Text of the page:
Christof Rühl, member of the Advisory Board of Crystol Energy and a Senior Fellow at the Harvard Kennedy School and the Center on Global Energy Policy at Columbia University, discusses the latest global economic developments in this weekly interview to the Gulf Intelligence.
On the Suez Canal blockage, Christof Most of the oil which flows across Europe, the Middle East and Asia does not need the Suez Canal and Caspian oil mostly uses pipelines. Suez only accounts for 4% percent of water bound crude and 9% of total oil including refined products. The blockage will be costly and trigger some relocation of ships, but it can eventually be surmounted.
On the upcoming OPEC meeting this week, most likely the existing cuts will be rollover, but whether Saudi will retain its extra voluntary cut volumes is a question. While OPEC has been managing the situation by holding most of the spare capacity, countries such as China have piled up huge inventories that could counter any potential price spikes using some of these reserves.
And we also have US shale capacity. OPEC has already started paying attention to shale again and this is really their ultimate dilemma. OPEC is placing a huge bet on demand recovery, but demand is fragile and prices are today high enough for shale to be economic. As such, the US rig count and production are expected to rise. To cancel that out, OPEC’s hammer will have to get bigger and bigger but it’s hard to know what its strategic end game will be. The US on its’ part is not really looking at OPEC anymore. The shale industry is being restructured and getting its finances in order, but shale is a technology and therefore it will never die. It’s just a matter of when and how it comes back.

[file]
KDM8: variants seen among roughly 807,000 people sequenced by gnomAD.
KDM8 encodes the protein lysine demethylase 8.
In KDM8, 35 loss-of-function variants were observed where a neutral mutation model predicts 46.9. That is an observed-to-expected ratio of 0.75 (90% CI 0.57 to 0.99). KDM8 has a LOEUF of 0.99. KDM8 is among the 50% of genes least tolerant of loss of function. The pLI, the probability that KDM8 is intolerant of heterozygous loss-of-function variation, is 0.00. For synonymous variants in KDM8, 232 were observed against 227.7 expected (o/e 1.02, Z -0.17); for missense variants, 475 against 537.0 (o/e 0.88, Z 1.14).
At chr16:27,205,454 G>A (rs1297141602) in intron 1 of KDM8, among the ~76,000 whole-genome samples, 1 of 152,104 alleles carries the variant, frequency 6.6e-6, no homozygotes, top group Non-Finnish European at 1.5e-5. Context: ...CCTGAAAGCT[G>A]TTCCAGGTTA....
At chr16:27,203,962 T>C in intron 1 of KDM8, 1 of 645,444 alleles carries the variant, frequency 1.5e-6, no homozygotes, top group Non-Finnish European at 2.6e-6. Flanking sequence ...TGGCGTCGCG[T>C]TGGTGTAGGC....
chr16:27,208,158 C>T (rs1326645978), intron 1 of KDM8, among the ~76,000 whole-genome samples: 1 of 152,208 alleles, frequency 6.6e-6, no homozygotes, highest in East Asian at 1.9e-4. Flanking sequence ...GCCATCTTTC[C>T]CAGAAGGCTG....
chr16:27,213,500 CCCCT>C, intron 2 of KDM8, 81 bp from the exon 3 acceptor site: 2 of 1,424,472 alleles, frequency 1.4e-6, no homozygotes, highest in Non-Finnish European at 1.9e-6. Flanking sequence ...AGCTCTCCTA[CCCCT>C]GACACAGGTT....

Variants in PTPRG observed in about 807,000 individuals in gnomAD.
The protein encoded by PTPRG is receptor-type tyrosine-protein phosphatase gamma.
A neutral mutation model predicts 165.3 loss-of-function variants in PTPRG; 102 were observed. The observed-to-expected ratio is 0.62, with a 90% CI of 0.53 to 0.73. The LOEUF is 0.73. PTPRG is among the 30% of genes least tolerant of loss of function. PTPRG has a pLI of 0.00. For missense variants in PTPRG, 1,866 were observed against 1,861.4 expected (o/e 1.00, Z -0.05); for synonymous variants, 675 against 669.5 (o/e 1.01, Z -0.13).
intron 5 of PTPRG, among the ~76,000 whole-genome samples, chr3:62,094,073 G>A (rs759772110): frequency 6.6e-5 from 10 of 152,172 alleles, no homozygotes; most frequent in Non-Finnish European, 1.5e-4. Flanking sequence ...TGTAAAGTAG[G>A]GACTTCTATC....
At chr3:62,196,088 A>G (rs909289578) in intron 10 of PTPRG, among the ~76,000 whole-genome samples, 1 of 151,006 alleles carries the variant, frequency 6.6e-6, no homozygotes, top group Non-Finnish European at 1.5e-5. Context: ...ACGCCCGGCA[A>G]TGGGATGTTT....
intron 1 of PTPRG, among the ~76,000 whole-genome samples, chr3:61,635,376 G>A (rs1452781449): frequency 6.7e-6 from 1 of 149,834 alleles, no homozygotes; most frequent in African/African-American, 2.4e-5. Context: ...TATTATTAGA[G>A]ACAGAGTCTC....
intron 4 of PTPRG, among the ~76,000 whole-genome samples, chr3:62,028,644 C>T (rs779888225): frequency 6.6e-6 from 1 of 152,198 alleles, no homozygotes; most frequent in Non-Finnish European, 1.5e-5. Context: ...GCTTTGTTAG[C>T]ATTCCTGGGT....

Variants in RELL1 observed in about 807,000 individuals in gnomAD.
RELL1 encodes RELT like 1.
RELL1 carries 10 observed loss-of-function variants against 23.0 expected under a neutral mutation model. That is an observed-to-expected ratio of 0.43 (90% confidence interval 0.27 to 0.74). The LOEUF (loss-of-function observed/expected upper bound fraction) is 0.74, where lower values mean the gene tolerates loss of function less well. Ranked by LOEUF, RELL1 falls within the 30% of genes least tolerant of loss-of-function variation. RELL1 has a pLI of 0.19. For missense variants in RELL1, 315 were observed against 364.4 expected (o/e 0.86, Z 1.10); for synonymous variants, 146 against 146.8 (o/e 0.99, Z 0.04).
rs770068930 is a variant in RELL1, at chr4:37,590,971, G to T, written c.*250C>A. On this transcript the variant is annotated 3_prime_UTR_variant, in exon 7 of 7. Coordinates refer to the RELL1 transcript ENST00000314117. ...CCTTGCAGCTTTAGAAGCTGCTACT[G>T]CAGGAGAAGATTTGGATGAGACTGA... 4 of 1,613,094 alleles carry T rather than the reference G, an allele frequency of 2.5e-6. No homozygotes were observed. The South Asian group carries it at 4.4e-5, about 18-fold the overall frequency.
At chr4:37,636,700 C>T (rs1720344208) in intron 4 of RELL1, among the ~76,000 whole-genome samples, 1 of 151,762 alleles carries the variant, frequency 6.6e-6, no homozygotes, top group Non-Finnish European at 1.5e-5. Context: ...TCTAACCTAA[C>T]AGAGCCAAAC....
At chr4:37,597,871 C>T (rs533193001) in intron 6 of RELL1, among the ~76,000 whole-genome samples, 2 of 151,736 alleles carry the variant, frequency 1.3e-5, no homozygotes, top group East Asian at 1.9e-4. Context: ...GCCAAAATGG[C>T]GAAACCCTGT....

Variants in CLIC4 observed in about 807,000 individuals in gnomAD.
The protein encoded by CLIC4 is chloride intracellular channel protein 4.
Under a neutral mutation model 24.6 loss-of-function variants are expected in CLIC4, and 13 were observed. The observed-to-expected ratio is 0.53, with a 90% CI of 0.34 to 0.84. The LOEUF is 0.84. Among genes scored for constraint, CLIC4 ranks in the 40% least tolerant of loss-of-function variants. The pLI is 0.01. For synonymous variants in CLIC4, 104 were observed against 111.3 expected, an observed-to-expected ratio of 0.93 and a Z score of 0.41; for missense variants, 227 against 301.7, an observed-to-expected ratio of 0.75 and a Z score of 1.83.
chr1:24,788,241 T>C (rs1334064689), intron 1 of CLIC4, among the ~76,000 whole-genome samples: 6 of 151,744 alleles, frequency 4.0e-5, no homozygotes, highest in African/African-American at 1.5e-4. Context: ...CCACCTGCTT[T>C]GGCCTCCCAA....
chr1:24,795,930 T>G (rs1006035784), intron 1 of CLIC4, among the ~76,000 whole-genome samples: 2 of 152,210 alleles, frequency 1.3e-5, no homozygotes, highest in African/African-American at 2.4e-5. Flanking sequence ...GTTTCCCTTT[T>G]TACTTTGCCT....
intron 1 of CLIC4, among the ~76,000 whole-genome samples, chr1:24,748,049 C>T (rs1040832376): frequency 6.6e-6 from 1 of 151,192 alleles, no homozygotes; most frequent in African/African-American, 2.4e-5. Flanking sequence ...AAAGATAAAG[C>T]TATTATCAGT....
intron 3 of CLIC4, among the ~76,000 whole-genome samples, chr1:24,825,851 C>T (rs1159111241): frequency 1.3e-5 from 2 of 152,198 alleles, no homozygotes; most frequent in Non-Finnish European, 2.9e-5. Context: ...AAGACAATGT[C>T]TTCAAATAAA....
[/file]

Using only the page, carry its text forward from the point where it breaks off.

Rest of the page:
Christof is joined by Walter Simpson, Managing Director, CCED. Sean Evers, Managing Partner at the Gulf Intelligence, moderates the discussion.
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